26 Nov Sleep deprivation’s big effect on placekeeping.
A lot of research has focused on the ill effects of not obtaining enough sleep the night before on someone’s daily functioning with the general consensus being poor sleep equalling a bad day. New research has focused on sleep deprivation and its effect on placekeeping, which is the ability to complete a series of steps without losing one’s place, regardless of any potential interruptions.
Originally published in the Journal of Experimental Psychology, the Michigan State University’s Sleep and Learn Lab has conducted a study which has focused specifically on the effects of sleep deprivation and one’s ability to placekeep properly. A total of 138 people were involved in the study where they took two separate cognitive tasks, both in the evening and the following morning following an overnight sleep assessment. These cognitive tasks looked at measuring the reaction time to a stimulus and the other looked at a person’s ability to maintain their step in a series of steps without omitting or repeating a step – with interruptions occurring. 77 participants remained awake the entire night whereas the other 61 went home to sleep.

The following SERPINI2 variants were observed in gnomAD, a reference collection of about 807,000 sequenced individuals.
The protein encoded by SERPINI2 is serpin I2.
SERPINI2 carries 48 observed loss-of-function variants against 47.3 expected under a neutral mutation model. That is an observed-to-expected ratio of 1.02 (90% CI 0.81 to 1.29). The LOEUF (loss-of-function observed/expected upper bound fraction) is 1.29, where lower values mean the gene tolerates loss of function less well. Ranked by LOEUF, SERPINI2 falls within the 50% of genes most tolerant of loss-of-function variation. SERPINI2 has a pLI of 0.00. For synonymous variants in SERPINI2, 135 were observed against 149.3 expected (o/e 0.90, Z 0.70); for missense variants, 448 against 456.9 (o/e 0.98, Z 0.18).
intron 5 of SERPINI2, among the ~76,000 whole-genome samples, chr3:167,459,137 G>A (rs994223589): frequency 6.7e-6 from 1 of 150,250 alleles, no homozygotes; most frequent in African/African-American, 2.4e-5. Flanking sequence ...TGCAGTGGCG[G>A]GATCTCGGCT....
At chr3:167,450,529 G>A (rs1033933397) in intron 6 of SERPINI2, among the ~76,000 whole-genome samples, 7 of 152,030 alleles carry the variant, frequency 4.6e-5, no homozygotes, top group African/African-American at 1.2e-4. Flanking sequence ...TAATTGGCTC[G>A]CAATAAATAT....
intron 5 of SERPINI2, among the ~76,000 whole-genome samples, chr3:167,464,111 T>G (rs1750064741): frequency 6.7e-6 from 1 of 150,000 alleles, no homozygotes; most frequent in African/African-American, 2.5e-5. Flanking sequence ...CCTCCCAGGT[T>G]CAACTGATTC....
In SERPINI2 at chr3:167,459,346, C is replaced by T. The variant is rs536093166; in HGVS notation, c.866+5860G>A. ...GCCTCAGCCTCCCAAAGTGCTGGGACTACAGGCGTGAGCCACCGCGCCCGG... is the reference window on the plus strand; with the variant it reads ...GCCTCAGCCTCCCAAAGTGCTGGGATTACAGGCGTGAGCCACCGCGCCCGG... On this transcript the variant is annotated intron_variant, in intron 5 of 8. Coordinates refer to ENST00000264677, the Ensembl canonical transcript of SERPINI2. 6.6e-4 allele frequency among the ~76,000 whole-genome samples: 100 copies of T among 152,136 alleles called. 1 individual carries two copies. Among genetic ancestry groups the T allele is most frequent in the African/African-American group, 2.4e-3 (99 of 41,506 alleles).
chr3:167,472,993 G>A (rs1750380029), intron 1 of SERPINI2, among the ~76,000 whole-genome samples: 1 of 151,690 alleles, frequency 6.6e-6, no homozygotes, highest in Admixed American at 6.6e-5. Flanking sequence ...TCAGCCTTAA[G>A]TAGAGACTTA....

Researchers found the results to the cognitive tasks did not differ much between night and morning for those who had a good night’s sleep whereas those who did not sleep through the night, their error rate doubled during the morning tasks (15% to 30%).
The study confirms the pre-existing thought that poor sleep negatively impacts one’s daily functions the following day but specifically for sleep deprivation and placekeeping abilities, it is heavily affected. Researchers give the example of a sleep deprived doctor being able to sufficiently perform routine tasks as checking vitals but their performance could be heavily hindered during a complex surgery that requires multiple, in-depth steps.